My Design Narrative: Behind the Book With Chen Gao

Artist and graphic design professor Chen Gao shares the story of making her captivating portfolio, My Design Narrative. A lover of books and lifelong learning, Gao speaks about inspiring her students through critique as well as the importance of print in a digital world. Follow her on Instagram at chengaoart.

What first got you interested in art and graphic design?

It happened in 2018. I got a juried student exhibition and sold my work when I was in undergraduate school. The work I submitted was a class exercise, not a class project. Before that, I had been eager to learn and practice in the field, but this exhibition made me feel “achievement” for the first time. After that, I began to be interested in art design.

You describe your portfolio as a first-person narrative that expresses your feelings about having a Chinese background. Who is this portfolio for, and what do you hope they learn?

The feelings are represented in a first-person narrative that depicts my background and experience. It illustrates the person (myself) who lived outside their homeland for several years and shared feelings about being distanced and lost in the conjunct place. My audience, who has shared similar experiences, will hopefully feel less alone. No matter what happens, we are all together. You are not just standing by yourself, and you are not alone.

Chen Gao's book opened up, showing the words "Why China?"

Your work has taken many shapes: drawing, photography, poetry, installation, and performance. How does a book on graphic design fit into this landscape?

I make work by following my emotions and instincts. It is a journey that is always in motion, which is the process I use to find myself. So, in this case, it can be in any medium that depends on my feelings and specific situations.

When it turns into graphic designs, it is still the same logic. I love design books because they are multiple pages. Eyes can move through the pages. Hands can feel the touches. Comparing other graphic designs, the books make me feel more. Some books feel soft; some are hard. Some have a natural feeling; some are more standardized. Each book, like each person, has a different personality. They are so unique to me. The way I love books is the same as how I follow my feelings to make other mediums of work. I can feel, think, and create.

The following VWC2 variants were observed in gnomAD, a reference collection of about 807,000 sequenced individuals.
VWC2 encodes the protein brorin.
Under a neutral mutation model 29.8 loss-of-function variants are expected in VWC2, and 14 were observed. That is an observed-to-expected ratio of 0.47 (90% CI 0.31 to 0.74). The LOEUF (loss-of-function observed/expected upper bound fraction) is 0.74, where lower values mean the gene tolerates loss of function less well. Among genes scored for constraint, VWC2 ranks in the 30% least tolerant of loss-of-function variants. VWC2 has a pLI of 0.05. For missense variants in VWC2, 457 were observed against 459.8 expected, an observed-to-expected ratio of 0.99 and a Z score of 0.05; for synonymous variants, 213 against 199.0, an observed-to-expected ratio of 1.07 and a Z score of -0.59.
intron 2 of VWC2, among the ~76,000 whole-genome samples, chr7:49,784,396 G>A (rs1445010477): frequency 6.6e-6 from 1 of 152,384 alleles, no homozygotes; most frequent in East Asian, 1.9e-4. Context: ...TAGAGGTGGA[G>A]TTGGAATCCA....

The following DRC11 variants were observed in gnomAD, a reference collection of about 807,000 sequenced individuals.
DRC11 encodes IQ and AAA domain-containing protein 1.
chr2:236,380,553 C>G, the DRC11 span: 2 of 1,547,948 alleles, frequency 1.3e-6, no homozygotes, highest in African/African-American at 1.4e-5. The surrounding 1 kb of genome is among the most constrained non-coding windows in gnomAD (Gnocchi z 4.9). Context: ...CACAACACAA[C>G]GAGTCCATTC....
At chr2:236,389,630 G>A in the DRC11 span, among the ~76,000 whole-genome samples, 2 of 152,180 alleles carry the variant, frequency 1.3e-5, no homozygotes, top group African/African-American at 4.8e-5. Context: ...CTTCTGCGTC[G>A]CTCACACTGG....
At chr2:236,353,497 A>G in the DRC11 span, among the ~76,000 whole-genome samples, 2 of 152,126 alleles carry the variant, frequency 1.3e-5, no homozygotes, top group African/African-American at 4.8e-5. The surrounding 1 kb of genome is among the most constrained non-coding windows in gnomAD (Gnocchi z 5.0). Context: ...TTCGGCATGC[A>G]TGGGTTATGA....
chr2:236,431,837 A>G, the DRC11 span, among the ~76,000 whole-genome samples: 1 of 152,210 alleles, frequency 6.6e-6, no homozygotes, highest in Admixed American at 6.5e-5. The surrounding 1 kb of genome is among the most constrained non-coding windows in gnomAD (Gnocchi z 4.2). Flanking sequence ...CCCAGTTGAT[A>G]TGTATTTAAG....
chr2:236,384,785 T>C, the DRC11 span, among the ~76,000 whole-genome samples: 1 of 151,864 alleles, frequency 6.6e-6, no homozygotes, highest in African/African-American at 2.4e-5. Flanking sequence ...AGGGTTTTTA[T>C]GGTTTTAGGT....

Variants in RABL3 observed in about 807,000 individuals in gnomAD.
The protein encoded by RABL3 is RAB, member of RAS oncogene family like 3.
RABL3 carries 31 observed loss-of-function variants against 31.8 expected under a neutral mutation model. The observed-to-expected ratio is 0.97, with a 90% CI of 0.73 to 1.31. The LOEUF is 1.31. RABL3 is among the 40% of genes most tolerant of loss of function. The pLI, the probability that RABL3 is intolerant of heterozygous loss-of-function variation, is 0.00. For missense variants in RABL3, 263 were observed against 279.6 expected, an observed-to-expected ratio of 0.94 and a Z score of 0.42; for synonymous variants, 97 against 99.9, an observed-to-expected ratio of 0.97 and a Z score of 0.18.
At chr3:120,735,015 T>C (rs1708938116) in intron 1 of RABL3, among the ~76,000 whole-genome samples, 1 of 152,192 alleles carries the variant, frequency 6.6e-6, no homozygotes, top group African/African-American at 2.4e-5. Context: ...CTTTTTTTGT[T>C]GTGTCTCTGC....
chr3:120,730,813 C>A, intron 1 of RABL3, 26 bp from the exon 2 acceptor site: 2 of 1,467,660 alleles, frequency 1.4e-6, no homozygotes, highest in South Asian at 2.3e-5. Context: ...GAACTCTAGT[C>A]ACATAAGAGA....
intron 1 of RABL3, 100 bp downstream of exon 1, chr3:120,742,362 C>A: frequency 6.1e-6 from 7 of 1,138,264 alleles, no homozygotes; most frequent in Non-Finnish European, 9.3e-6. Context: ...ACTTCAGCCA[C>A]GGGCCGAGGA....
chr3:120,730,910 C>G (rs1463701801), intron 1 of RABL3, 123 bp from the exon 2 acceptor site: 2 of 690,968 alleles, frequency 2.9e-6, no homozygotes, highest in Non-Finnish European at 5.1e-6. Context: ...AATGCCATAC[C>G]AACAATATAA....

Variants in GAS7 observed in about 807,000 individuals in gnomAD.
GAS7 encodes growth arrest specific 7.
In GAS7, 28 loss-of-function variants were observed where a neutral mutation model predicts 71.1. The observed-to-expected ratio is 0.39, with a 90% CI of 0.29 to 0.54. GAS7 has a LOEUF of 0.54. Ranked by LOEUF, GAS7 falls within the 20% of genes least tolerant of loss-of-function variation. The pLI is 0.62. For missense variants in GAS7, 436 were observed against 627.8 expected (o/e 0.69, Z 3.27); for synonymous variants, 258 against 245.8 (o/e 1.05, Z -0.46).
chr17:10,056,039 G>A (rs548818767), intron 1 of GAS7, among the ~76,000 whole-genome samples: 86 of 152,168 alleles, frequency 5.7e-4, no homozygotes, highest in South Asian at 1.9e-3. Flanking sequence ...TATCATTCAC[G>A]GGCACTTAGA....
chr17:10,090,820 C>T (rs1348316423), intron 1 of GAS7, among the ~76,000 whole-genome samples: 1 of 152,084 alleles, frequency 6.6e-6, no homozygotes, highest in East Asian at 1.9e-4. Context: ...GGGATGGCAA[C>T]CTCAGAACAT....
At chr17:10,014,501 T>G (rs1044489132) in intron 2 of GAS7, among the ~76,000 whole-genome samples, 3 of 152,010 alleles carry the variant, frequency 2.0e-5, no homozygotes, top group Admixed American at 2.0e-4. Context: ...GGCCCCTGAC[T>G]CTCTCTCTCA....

What role do you think print plays in a digital world?

The digital world can affect print from different perspectives. With the rapid evolution of emerging technologies, digital can spread more easily across the internet. We only need simple clicks, and then the web system can drive us to a person’s work on the other side of the earth. In terms of physical creation, print can still have a significant influence. More recently, there has been a slight trend in screen printing and film photography. People love its unique texture and feeling about time in it. I think it’s probably because each piece has little imperfections. That imperfection adds a unique texture on top of the imagery.

Photoshop has built functions that can make digital imagery look like screen printing by using the function halftone. But no matter how good the designer is at photoshopping, the feeling of a real screenprint is still hard to capture. Nowadays, designers have started to use realistic digital mock-ups to show their designs in front of people. This is not a criticism of Photoshop or emerging media. Mockups bring life to an idea and allow a designer to test how various visual elements work together before they have the final product. I would say the main idea is that no matter how technology is involved, there are always significant roles for physical print, digital technology, or future media, at least in our current world. Understanding the characteristics of the different media can help our creation process. Print and digital are both critical and cannot be replaced by each other.

You’ve been in several exhibitions and group projects nationally and internationally. What has been one of your greatest honors?

I appreciate all the exhibitions and projects I have had. The greatest honor I received was the first Student Juried Art Exhibition in 2018. Although I started to get more shows, I wouldn’t have had the rest without my first one. It is the one that gives me the most aspiration to move forward.